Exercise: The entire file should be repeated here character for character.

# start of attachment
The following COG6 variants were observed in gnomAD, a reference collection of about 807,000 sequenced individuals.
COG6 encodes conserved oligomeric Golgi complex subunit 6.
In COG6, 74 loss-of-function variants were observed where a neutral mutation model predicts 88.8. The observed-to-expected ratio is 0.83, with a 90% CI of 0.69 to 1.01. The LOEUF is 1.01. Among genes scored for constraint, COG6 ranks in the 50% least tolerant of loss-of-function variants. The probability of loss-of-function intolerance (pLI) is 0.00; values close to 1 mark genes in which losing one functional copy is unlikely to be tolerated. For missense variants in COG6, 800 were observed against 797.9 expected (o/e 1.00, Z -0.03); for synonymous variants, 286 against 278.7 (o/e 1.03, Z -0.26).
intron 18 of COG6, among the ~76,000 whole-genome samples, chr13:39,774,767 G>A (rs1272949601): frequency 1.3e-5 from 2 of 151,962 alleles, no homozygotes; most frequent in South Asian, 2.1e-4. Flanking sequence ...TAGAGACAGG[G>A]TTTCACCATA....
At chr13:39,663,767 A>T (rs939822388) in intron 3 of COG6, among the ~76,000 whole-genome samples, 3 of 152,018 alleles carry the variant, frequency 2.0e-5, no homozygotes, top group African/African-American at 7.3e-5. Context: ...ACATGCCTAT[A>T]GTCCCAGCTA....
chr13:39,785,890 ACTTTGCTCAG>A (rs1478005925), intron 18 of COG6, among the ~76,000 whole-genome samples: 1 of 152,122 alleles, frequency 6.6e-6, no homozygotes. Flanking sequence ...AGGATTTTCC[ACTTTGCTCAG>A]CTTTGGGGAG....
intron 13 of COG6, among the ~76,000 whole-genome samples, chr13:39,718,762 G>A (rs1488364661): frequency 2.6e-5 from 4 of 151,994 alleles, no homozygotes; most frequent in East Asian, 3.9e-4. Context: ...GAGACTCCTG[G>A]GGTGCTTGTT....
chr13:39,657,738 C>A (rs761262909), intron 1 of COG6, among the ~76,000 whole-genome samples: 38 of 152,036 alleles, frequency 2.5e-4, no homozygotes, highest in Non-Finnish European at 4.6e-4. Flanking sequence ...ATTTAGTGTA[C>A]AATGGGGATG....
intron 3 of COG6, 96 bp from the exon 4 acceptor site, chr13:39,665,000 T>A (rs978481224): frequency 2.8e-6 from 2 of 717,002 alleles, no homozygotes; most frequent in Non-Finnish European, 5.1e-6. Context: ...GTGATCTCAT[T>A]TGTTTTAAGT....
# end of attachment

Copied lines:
The following COG6 variants were observed in gnomAD, a reference collection of about 807,000 sequenced individuals.
COG6 encodes conserved oligomeric Golgi complex subunit 6.
In COG6, 74 loss-of-function variants were observed where a neutral mutation model predicts 88.8. The observed-to-expected ratio is 0.83, with a 90% CI of 0.69 to 1.01. The LOEUF is 1.01. Among genes scored for constraint, COG6 ranks in the 50% least tolerant of loss-of-function variants. The probability of loss-of-function intolerance (pLI) is 0.00; values close to 1 mark genes in which losing one functional copy is unlikely to be tolerated. For missense variants in COG6, 800 were observed against 797.9 expected (o/e 1.00, Z -0.03); for synonymous variants, 286 against 278.7 (o/e 1.03, Z -0.26).
intron 18 of COG6, among the ~76,000 whole-genome samples, chr13:39,774,767 G>A (rs1272949601): frequency 1.3e-5 from 2 of 151,962 alleles, no homozygotes; most frequent in South Asian, 2.1e-4. Flanking sequence ...TAGAGACAGG[G>A]TTTCACCATA....
At chr13:39,663,767 A>T (rs939822388) in intron 3 of COG6, among the ~76,000 whole-genome samples, 3 of 152,018 alleles carry the variant, frequency 2.0e-5, no homozygotes, top group African/African-American at 7.3e-5. Context: ...ACATGCCTAT[A>T]GTCCCAGCTA....
chr13:39,785,890 ACTTTGCTCAG>A (rs1478005925), intron 18 of COG6, among the ~76,000 whole-genome samples: 1 of 152,122 alleles, frequency 6.6e-6, no homozygotes. Flanking sequence ...AGGATTTTCC[ACTTTGCTCAG>A]CTTTGGGGAG....
intron 13 of COG6, among the ~76,000 whole-genome samples, chr13:39,718,762 G>A (rs1488364661): frequency 2.6e-5 from 4 of 151,994 alleles, no homozygotes; most frequent in East Asian, 3.9e-4. Context: ...GAGACTCCTG[G>A]GGTGCTTGTT....
chr13:39,657,738 C>A (rs761262909), intron 1 of COG6, among the ~76,000 whole-genome samples: 38 of 152,036 alleles, frequency 2.5e-4, no homozygotes, highest in Non-Finnish European at 4.6e-4. Flanking sequence ...ATTTAGTGTA[C>A]AATGGGGATG....
intron 3 of COG6, 96 bp from the exon 4 acceptor site, chr13:39,665,000 T>A (rs978481224): frequency 2.8e-6 from 2 of 717,002 alleles, no homozygotes; most frequent in Non-Finnish European, 5.1e-6. Context: ...GTGATCTCAT[T>A]TGTTTTAAGT....